1. Know the consumer: Whether a person is clicking a mobile ad, using a connected device like an Alexa or entering a store, does the solution harness these consumer insights all in one place?
  2. Personalize the experience: Can the technology help develop and distribute relevant content and facilitate ongoing conversations across all interactions with the consumer? Does it also leverage the power of artificial intelligence to enable predictive marketing and personalization at scale?
  3. Drive real-time engagement: Does the solution enable close alignment between data-driven personalization and engagement? And does it enable a dialogue with the consumer rather than just serving content?


A leading consumer engagement company doesn’t shepherd a customer along a fixed journey but rather builds a lifelong relationship across all touchpoints. Internal protocols need to pivot from delivering episodic marketing campaigns to an agile, always-on platform that enables continuous engagement.

How companies are using consumer insights must evolve, as well. They should no longer be using consumer insights that are scattered across different technologies to optimize for individual campaigns. Focused on building lifelong consumer relationships, the Marriott International recently revamped internal processes and launched a customer recognition platform to provide personalized services to members of its loyalty program, regardless of whether consumers are calling customer service reps, booking a trip online, using the company’s mobile app or checking in at a property. By delivering the experiences that guests want when they want them, the hotel chain is building stronger relationships with its members and improving customer satisfaction.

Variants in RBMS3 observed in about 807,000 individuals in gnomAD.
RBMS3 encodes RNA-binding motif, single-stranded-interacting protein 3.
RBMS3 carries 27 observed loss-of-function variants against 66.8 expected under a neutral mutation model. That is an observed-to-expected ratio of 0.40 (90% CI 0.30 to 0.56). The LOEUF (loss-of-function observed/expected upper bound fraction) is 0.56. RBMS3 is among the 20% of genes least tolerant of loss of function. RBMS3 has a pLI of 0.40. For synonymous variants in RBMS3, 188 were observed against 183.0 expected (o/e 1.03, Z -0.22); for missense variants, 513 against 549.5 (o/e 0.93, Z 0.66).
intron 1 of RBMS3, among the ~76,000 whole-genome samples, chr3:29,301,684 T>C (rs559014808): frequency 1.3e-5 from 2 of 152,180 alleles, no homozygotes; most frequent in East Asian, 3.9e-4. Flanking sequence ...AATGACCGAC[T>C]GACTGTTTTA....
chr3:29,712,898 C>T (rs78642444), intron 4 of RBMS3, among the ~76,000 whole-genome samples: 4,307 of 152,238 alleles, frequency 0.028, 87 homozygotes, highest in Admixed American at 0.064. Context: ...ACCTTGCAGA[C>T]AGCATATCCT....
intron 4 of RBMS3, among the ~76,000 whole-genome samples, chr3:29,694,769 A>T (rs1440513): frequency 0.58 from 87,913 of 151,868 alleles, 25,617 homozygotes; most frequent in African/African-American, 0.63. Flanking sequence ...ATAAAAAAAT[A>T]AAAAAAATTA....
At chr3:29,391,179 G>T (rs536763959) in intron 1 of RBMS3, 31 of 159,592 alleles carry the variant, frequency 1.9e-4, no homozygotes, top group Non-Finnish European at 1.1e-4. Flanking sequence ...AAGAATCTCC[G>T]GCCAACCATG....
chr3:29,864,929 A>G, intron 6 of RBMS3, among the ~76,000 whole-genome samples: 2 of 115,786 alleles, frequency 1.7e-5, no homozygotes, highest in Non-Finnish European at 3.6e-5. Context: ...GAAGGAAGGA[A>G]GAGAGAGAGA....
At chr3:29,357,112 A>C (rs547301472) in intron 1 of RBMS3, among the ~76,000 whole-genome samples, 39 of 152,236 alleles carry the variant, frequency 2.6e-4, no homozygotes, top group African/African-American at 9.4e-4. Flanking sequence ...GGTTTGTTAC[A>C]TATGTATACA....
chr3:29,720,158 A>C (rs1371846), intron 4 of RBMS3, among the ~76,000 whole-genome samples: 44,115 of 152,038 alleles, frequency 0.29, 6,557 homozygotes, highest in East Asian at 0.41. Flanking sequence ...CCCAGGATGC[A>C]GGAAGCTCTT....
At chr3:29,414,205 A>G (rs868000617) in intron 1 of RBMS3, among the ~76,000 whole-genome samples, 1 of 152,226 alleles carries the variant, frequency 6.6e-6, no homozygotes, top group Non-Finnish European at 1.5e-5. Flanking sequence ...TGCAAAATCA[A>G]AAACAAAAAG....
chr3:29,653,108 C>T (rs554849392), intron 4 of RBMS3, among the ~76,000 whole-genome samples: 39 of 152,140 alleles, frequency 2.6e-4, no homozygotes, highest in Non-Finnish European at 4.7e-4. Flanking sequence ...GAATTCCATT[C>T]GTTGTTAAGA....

Companies can’t deliver top engagement without truly knowing their consumers. North Americans use an average of 7.7 devices per person, including mobile phones, tablets, PCs and more. That figure is expected to grow to nearly 13 by 2021 and is significantly greater in households with children. From opening an email from a retailer to booking a flight through a mobile app, everything consumers do across these devices provides visibility into who they are. In other words, their identity.

Stitching together the signals consumers produce to understand their journeys and paint a complete picture of their identity is challenging. A better grasp on consumer identity will increasingly be a key area of competition among marketers, which is why smart brands are working toward solutions that can capture consumer insights across the full range of devices and interactions and consolidate that information all under one roof.

Consumers are demanding world-class consumer engagement, and a company’s ability to deliver on those expectations will make or break a brand. Businesses that strive to endure and grow need to invest in the right technology, people and processes that will enable them to build meaningful, trust-based relationships with consumers. The alternative is to risk being left behind.